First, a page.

EJB with NetBeans and Wildfly – part 2

This is the second part in the series about EJB development. In the previous article,  we discussed general concepts of Enterprise Java Beans, and we installed tools needed for application development. We also outlined what we will build as part of the series. In this post, we start actually building our application. Complete source code for this part can be found at Github.

Create the application

First step is creating enterprise application project. In NetBeans, select File>NewProject->Java EE ->EJB Module. Enter application name and select location:


Click “Next” and in the next screen, select Wildfly application server (one that we registered in previous post):



Click “Finish” and NetBeans will generate application files. If you examine application structure, you can see it is typical Java application structure which produces a JAR. This JAR will contain our business logic.

Creating persistence layer

Now that we have application structure ready, we need to set up persistence layer. This includes creating database, configuring data source in application server and creating JPA entities for application.

Create database

The first step is to create database in out Postgresql installation. The easiest way to do this is by using pgAdmin. This is GUI tool for Postgresql administration. Using pgAdmin, create new database called ejb-money . This database will contain tables for our application.

Configure data source in Wildfly

Next thing is to configure data source in Wildfly. Log in to administration console (usually at http://localhost:9990) , and go to Configuration->Subsystems->Data Sources->Non XA. Click “Add” button in the upper right corner.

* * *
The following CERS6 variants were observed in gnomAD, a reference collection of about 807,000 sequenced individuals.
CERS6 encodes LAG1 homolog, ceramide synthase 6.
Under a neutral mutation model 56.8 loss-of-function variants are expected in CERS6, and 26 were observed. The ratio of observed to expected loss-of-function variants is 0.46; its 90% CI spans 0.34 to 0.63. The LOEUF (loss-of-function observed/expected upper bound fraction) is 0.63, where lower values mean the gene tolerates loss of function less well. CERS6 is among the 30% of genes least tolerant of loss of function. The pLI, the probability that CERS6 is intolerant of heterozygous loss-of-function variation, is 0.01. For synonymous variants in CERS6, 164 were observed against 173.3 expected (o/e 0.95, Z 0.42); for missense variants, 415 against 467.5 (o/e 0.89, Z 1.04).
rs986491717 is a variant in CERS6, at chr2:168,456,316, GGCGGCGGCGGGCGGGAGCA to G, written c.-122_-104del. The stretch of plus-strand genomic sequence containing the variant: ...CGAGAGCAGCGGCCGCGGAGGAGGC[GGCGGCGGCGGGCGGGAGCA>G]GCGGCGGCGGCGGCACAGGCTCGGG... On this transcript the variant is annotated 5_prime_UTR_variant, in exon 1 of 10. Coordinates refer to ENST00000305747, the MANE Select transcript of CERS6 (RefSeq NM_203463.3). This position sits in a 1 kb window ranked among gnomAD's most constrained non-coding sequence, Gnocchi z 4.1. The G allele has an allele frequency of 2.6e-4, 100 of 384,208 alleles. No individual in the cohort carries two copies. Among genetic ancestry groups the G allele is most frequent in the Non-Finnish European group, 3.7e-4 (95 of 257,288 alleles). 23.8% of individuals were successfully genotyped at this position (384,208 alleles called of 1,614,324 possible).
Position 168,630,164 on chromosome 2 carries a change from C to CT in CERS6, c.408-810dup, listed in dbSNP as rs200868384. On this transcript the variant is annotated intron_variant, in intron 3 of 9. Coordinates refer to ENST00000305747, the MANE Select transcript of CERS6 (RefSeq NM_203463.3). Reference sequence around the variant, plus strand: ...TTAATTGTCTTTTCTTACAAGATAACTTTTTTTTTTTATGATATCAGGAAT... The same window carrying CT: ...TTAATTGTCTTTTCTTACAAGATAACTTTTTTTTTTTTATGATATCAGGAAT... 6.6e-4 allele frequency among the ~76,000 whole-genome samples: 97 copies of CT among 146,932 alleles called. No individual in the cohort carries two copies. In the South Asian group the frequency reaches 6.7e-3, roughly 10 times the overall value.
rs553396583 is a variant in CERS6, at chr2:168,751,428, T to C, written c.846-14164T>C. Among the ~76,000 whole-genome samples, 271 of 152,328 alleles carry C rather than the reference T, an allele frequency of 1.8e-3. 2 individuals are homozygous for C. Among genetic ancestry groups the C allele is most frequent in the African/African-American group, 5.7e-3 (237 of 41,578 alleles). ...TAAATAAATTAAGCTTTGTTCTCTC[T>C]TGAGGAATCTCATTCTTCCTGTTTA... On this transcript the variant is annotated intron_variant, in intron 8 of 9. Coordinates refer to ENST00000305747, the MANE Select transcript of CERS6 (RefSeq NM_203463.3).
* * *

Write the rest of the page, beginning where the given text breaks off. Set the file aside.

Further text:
In the popup dialog, select Postgresql data source. After clicking “Next”, set EJBMoneyDS  as name and java/EJBMoneyDS  as JNDI name.


In the next window, leave default values. In the next dialog window, set database URL to jdbc:postgresql://localhost:5432/ejb-money .


After this, data source is completely configured. It can be accessed using JNDI name java/EJBMoneyDS .

Create JPA entities

In EJB version 3, entity beans are replaced by JPA entities. If you are not familiar with JPA (Java Persistense API), please check out Oracle Java EE tutorial. Basically, JPA is ORM layer that allows us to easily persist POJO classes which represent business objects. For this part of tutorial, I will be using NetBeans wizards for creating persistence entities.

For our application, we will create 2 entities, Account  and Transaction . Account  represent a bank account, and Transaction  will represent a transaction associated with an account.

To create Account entity, right-click the project in NetBeans. Select New->Other->Persistence->Entity Class, like shown in the image bellow:


Click “Next”, and in the next screen, enter Account  as class name and select package. Make sure you check “Create persistence unit” checkbox. This will create persistence.xml  file for our application.


Click “Next”, and in the next screen, enter ejb-money-PU as persistence unit name. For data source name, enter java:/EJBMoneyDS, which we have configure previously in Wildfly:


NetBeans will generate basic code structure for the entity. By default, it will generate ID fields with default generation strategy (for more information about JPA annotations, please this page). We will add two more fields to this entity:

We add fields for name and amount, and set these fields to not be nullable (ie. must have a value). We will use the same wizard to create Transaction  entity. After initial entity is generated, add the following code to it:

This code will create foreign key for transaction which references account ID. We also create amount field, which represents transaction amount.

If you now deploy this code to Wildfly, it will automatically create database tables based on entities. To do this, simply right-click project in NetBeans and choose “Run”. This will deploy module to server and create database tables.

Take a break

We’ll stop for now, since this might be a lot of information to digest. We will continue our journey in next post, where we will start building business logic.

Related posts

  • EJB with NetBeans and Wildfly – part 1

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